DACA Lawsuit Filed By Texas And Six Other States In Hopes To End Immigration Program

J. Scott ApplewhiteAP Images

Texas, joined by six other states, intends to sue the federal government to end, once and for all, the Deferred Action for Childhood Arrivals (DACA), or “Dreamers” program, the Dallas Morning News is reporting.

Alabama, Arkansas, Louisiana, Nebraska, South Carolina, and West Virginia join the Lone Star State in suing the federal government over the controversial program.

Begun during the Obama administration, DACA is intended to protect from deportation children who were brought into the U.S. illegally by their parents. Obama had tried in 2014 to expand the program to include some additional illegal immigrants, but the expansion was challenged in court and it never went through.

Meanwhile, what’s left of the program continues to remain intensely controversial. Donald Trump, for example, has made the program a focal point of his administration, in the context of a desired wider crackdown on illegal immigration, since the beginning. In September 2017, the Trump administration initiated plans to phase out portions of the Act; and as the Washington Post reported in April 2018, he continues to insist that the program is a front for wanton illegal immigration.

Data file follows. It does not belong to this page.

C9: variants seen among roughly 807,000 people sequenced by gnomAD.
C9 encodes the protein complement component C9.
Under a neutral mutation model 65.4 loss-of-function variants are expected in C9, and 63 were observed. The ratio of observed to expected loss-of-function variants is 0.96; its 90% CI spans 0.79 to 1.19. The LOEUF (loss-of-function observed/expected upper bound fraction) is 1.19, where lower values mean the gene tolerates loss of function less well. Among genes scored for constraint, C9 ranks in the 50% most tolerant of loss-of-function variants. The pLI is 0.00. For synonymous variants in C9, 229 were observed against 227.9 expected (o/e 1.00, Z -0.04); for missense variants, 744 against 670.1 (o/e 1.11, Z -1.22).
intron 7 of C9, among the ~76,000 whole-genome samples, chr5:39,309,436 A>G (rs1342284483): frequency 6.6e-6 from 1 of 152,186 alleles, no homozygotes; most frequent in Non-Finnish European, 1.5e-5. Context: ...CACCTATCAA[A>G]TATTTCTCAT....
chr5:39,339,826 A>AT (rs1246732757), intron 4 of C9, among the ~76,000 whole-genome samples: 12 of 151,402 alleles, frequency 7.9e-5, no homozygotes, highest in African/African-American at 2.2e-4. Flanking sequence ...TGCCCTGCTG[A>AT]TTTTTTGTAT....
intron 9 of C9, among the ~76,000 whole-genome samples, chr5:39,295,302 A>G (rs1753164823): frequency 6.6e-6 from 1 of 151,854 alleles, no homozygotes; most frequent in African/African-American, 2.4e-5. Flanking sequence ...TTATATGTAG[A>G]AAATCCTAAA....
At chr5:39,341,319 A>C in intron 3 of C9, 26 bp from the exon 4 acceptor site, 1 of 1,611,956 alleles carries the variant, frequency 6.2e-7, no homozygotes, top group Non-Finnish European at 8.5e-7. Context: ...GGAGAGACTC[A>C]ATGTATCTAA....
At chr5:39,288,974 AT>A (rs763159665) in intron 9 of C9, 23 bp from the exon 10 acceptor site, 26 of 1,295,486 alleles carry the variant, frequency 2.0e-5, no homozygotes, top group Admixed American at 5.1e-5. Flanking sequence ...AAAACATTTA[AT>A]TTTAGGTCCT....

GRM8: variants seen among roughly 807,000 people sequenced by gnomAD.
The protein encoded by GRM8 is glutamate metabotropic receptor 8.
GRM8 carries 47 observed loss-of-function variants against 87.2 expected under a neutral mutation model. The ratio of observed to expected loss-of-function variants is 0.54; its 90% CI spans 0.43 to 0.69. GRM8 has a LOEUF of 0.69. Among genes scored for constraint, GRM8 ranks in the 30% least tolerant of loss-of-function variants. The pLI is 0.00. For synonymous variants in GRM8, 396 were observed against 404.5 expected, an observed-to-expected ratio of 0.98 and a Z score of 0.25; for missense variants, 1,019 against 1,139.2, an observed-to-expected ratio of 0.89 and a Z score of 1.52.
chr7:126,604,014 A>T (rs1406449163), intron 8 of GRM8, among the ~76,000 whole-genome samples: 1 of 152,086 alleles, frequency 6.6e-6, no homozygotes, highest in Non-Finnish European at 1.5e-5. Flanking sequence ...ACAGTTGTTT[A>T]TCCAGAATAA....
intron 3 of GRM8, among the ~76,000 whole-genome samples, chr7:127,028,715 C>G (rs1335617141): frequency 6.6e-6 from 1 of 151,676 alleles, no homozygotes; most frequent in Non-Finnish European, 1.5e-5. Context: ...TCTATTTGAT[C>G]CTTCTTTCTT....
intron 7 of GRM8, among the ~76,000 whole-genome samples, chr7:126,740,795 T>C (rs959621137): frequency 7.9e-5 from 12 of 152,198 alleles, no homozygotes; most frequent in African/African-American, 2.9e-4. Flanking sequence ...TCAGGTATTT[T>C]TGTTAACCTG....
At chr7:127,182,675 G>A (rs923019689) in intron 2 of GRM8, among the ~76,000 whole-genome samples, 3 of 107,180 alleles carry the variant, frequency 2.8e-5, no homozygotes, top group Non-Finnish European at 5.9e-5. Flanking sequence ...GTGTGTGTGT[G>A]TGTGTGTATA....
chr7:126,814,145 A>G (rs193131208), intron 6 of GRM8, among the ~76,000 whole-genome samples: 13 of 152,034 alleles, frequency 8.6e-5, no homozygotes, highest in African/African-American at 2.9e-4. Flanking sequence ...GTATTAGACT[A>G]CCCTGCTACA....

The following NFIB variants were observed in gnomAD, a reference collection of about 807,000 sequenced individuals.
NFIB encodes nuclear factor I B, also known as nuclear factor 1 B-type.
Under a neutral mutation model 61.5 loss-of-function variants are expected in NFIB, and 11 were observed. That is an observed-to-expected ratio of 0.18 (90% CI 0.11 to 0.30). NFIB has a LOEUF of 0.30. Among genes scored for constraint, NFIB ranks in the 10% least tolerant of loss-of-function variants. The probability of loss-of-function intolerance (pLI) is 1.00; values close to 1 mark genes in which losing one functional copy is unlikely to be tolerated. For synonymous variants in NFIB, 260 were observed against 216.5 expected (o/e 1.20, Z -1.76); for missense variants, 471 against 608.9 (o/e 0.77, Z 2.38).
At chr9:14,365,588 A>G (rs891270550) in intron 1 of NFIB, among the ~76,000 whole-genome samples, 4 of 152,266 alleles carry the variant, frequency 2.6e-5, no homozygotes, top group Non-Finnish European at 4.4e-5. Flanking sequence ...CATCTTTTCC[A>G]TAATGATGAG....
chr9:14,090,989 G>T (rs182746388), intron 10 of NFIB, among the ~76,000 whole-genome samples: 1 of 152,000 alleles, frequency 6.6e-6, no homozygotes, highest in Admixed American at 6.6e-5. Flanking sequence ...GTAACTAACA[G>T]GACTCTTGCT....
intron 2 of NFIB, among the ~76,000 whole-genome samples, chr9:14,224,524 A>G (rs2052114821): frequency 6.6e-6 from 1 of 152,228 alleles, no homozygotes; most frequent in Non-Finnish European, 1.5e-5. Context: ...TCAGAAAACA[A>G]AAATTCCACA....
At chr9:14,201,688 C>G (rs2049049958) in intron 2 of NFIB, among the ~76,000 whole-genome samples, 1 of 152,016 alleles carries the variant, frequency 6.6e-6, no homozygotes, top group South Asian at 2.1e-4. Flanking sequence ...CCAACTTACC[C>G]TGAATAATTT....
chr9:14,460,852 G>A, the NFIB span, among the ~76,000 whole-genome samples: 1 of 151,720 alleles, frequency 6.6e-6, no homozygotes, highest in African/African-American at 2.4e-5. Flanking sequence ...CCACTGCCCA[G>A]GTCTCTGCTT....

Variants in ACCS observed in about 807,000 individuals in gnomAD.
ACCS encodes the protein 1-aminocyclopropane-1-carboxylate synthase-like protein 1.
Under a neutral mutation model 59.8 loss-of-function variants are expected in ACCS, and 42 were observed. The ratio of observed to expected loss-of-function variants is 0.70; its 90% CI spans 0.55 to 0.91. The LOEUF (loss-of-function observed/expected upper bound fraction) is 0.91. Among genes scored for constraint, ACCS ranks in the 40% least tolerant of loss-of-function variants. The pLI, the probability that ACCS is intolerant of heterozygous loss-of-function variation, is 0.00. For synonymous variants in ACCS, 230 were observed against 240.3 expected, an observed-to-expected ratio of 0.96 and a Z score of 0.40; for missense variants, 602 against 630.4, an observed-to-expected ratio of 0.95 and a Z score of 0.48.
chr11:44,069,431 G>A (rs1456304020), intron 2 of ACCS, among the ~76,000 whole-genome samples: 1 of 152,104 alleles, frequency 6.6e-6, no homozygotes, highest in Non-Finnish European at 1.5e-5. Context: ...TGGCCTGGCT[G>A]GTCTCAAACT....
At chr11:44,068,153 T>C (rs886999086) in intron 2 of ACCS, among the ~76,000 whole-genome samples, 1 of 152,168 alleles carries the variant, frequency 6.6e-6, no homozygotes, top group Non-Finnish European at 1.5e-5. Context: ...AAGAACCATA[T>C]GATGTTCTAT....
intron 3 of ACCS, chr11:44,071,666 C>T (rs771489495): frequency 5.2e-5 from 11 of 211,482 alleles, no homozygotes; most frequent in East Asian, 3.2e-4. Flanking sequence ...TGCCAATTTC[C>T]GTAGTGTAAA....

“A lot of people are coming in because they want to take advantage of DACA.”

However, Trump’s plan to phase out the program has been stalled by multiple legal battles.

With the suit, filed by Texas Attorney General Ken Paxton, the states challenge the federal government’s authority to allow illegal immigrants to become legal immigrants by virtue of having been brought to the U.S. illegally as children.

“Our lawsuit is about the rule of law, not the wisdom of any particular immigration policy.”

Furthermore, Paxton says, the program puts too much power in the office of the president.

“Texas has argued for years that the federal executive branch lacks the power to unilaterally grant unlawfully present aliens lawful presence and work authorization. Left intact, DACA sets a dangerous precedent by giving the executive branch sweeping authority to ignore the laws enacted by Congress and change our nation’s immigration laws to suit a president’s own policy preferences.”

In South Carolina, Attorney General Alan Wilson, who attached his state to the lawsuit, says he doesn’t mean any ill will to the children who will be affected by the end of DACA. But he, like Paxton, says the rule of law must be honored at all costs, according to States Top Leading News.

“We don’t want to hurt any of these children, but this lawsuit is not about immigration policy. We’re required to uphold the rule of law.”

Late Tuesday, the case was assigned to Judge Andrew Hanen, according to CNN. Hanen has ruled on DACA-related lawsuits in the past, and is seen as “unfriendly” to the legislation.